"Some years you're up, some years you're down. Everybody has a turn at the spotlight," Erin Reilly, Theatre Philadelphia board president, said Monday at the Barrymore Awards nomination announcement.
Indeed, the 2016 nominations for excellence in Philadelphia theater showed little preference for genre, audience, or house size: The five top nominated shows (winners will be announced Oct. 24 at the Merriam Theater) are about as diverse as theater can be.
Topping the nominees was The Invisible Hand, a 2012 play by Ayad Akhtar about an American Citibank executive held for ransom in Pakistan. The production was by Theatre Exile, a smaller company. The production's 10 nominations included overall production, direction (Matt Pfeiffer), leading actors (Maboud Ebrahimzadeh and Ian Merrill Peakes), and original music (Michael Kiley).
Three shows had eight nominations each, including Black Nativity, a 1961 Langston Hughes piece with Christmas music sung gospel-style. Produced by Theatre Horizon, it was nominated for overall production of a musical, direction (Ozzie Jones), and leading actors and actresses (Kingsley Ibeneche, Sanchel Brown, and Angelica Jackson).
Arden Theatre had the two other shows with eight nominations. Its production of the 1991 musical The Secret Garden garnered nominations for best overall musical production and a number of technical awards relating to the production's acclaimed use of video. And The Stinky Cheese Man and Other Fairly Stupid Tales, based on a 1992 retelling-with-a-twist of traditional fairy tales that was turned into a musical a decade ago, drew nominations that included overall production musical and best direction for Matthew Decker.
At the spirited Monday-morning announcement at the Wilma Theatre, the longest applause went to Sara Garonzik, executive producing director of Philadelphia Theatre Company, who was announced as this year's recipient of the lifetime achievement award. "A miracle of synchronicity" was how director James Christy Sr. described the award's coincidence with Garonzik's recent announcement that she is stepping down from the company after 35 years.
"I feel like I'm almost emblematic of a larger idea," Garonzik said afterward. "I'm accepting it on behalf of an entire generation of people who, like me, have been leading their theater companies, growing them, and sticking with them over the course of three decades with a success that has made Philadelphia one of the dynamite theater cities in the country."
Elsewhere, the nominations had a few wrinkles. Andy: A Popera, a collaboration between the Bearded Ladies Cabaret and Opera Philadelphia, had four nominations, including one for original music by Heath Allen and Dan Visconti. "The Beards" were not such a surprise - and they had special recognition in a nomination for the June and Steve Wolfson Award for an Evolving Theatre Company.
The inclusion of an opera company collaboration was unusual, although Andy: A Popera was an anything-but-typical, free-floating meditation on the world of Andy Warhol. The recognition was very much welcomed by Opera Philadelphia's president and general director, David Devan. "This kind of impact has long been a part of our mission to embrace innovation and advance the art form of opera," he said.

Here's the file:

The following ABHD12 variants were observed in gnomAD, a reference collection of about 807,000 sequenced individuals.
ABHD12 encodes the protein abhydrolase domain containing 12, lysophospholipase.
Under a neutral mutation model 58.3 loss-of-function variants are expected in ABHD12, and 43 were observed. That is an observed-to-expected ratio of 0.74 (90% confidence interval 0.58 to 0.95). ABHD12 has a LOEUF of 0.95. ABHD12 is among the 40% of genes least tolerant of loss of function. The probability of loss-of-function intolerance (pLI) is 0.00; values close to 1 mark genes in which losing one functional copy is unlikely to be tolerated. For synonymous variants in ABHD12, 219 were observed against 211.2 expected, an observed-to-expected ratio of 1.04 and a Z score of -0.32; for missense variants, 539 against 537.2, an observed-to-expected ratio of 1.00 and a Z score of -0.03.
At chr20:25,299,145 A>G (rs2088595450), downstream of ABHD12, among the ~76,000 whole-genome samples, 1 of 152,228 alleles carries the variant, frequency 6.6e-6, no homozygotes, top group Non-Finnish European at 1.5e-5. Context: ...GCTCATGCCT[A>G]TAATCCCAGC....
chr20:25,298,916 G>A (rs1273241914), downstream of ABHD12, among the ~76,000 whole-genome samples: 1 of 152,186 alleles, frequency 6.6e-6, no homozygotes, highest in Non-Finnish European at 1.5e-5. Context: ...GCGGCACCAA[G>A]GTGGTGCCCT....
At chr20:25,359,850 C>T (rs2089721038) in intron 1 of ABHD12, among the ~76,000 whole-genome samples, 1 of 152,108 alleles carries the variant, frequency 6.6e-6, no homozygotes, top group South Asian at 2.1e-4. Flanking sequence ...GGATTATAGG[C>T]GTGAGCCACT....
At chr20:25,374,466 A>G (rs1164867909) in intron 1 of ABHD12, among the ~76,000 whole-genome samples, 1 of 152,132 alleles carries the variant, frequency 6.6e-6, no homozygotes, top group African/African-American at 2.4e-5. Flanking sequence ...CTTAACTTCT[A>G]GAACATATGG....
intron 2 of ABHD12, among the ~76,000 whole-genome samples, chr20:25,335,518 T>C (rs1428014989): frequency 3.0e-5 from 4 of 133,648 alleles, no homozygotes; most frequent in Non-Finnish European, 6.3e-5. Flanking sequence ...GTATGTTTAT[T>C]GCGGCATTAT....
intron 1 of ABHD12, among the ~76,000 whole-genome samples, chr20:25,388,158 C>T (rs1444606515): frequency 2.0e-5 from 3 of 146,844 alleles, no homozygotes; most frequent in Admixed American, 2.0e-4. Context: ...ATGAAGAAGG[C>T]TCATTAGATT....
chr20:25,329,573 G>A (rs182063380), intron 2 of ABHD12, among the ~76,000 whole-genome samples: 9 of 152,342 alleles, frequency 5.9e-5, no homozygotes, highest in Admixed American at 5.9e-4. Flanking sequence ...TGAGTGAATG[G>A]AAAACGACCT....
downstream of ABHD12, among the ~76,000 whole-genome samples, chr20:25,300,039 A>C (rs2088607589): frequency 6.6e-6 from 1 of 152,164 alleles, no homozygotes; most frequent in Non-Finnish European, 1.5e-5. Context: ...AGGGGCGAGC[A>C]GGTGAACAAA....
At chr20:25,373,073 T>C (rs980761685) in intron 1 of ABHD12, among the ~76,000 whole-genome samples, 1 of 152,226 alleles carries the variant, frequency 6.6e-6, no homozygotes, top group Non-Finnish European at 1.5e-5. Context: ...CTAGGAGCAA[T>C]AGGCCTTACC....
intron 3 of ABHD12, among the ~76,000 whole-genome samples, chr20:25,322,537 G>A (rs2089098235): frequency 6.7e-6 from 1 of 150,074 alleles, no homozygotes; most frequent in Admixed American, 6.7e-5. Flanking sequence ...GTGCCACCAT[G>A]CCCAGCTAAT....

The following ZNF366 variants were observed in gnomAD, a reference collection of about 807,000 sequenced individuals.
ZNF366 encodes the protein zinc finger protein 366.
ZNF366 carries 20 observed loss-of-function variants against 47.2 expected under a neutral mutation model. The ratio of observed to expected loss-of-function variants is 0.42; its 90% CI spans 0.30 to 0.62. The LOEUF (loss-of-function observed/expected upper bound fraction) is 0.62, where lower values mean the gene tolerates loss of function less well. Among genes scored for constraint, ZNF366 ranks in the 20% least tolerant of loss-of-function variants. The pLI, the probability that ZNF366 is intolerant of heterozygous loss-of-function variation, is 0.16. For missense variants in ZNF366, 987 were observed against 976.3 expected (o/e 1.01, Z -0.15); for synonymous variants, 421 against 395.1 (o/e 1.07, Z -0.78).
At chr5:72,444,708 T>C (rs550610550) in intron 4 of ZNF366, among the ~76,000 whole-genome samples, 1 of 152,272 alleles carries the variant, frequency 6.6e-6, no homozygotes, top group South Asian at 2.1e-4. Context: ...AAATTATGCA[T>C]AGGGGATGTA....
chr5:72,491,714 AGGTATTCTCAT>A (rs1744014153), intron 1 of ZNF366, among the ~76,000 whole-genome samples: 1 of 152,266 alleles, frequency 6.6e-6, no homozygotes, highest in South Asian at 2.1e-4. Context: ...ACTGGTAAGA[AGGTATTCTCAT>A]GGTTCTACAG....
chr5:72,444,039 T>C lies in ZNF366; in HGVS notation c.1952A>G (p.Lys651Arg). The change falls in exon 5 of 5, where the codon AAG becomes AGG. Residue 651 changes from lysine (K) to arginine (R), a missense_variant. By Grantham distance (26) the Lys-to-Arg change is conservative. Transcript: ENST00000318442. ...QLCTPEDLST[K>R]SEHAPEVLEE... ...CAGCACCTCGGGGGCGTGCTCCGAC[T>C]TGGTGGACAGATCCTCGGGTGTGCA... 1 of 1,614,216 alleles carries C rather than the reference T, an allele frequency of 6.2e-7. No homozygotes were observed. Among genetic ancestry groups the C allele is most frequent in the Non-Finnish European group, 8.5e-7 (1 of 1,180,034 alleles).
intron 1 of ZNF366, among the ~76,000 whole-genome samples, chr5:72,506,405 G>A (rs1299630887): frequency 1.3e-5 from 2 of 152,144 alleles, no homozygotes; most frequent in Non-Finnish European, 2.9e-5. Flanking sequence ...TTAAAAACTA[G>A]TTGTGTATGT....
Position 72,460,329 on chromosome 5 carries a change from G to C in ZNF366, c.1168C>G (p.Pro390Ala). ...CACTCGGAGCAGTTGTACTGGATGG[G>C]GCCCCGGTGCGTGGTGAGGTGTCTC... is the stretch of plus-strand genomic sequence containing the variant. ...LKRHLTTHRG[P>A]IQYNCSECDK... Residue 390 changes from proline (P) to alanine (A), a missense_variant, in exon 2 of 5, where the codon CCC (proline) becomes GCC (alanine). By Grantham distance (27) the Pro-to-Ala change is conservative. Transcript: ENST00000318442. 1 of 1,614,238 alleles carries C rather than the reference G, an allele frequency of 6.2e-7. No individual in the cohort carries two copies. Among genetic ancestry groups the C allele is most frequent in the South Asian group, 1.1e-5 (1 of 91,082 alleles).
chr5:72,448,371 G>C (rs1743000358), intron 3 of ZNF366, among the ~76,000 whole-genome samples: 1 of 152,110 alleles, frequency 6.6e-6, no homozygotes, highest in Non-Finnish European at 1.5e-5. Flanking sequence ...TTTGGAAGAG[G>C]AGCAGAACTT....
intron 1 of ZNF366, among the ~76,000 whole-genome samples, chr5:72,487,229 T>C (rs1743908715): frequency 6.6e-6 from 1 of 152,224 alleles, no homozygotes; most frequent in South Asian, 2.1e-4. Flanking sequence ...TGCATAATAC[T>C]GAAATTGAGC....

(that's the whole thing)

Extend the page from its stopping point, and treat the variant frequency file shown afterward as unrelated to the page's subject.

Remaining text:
The fine line between opera and musical theater was also explored by 11th Hour Theatre Company, whose production of Michael John LaChiusa's See What I Wanna See, a sophisticated riff on the film Rashomon, had five nominations, including for direction and actors.
Another wrinkle was recognition of shows that might normally be described as children's or family entertainment - and not just The Secret Garden and The Stinky Cheese Man. Arden's producing artistic director, Terrance J. Nolen, was particularly pleased with the five nominations for Hans Brinker and the Silver Skates, a play with music that Arden developed over several years. It was was nominated for outstanding new play/musical. "Children's theater is as important as anything we do," said Nolen.
Receiving nominations for the first time was Orbiter 3, a company founded in 2014 to present new work. It had seven nominations for its new play by Emma Goidel, A Knee That Can Bend, about the gay nightlife subculture of Senegal.
The three large Philadelphia theater companies, which seemed somewhat neglected in the 2015 nominations, fared better, especially Arden, which has traditionally been a major presence, and which this year had 24 nominations. The Wilma Theater, where the awards were announced, had four nominations (three for An Octoroon and one for Antigone).
Smaller theater companies that did well in the nominations included Theatre Exile (13), Theatre Horizon (10), People's Light (nine), and Inis Nua Theatre Company (seven).
The 103 eligible productions by 35 professional theaters were reviewed between July 1, 2014, and June 20, 2016. Each production was seen by eight Barrymore-appointed nominators. Productions receiving a majority of positive votes were reviewed by a panel of 12 judges who met quarterly to discuss what they had seen.
Two conspicuous absences, both this year and in recent years, are the Walnut Street Theatre and the Media Theatre, which specialize in producing musicals. Both companies have been hesitant to comment on the matter over the years; both declined to comment on Monday.
"We extend an offer and would love to have them be part of this program. They are important theaters in this community," said Nolen, who is also vice president of the Theatre Philadelphia board. "They've chosen at this point . . . not to participate. . . . Hopefully, this will change."